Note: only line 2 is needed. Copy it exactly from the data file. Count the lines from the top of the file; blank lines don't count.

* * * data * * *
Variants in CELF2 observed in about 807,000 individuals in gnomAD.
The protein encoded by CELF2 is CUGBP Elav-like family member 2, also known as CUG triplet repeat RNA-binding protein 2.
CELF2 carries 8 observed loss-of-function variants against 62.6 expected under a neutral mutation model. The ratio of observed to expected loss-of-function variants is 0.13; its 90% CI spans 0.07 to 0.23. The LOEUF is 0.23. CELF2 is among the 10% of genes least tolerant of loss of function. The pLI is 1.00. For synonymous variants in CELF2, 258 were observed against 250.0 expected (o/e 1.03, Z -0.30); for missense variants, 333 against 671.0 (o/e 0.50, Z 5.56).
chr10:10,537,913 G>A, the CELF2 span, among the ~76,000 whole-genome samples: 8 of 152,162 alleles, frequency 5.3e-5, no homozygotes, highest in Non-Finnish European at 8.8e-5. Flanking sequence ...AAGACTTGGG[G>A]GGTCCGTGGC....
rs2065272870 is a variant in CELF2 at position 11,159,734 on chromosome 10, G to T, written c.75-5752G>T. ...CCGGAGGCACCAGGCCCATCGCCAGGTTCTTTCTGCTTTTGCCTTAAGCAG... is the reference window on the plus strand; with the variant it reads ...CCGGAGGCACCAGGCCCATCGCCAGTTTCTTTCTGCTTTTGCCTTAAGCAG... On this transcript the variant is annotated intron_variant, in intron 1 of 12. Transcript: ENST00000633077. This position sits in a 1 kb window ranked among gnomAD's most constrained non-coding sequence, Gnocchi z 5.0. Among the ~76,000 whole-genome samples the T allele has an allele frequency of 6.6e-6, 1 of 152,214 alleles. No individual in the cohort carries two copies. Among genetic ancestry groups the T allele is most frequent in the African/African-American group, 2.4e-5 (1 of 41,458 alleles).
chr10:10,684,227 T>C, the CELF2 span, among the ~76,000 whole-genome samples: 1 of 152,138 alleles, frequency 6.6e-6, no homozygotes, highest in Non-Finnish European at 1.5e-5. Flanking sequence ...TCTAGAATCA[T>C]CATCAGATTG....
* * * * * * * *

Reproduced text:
The protein encoded by CELF2 is CUGBP Elav-like family member 2, also known as CUG triplet repeat RNA-binding protein 2.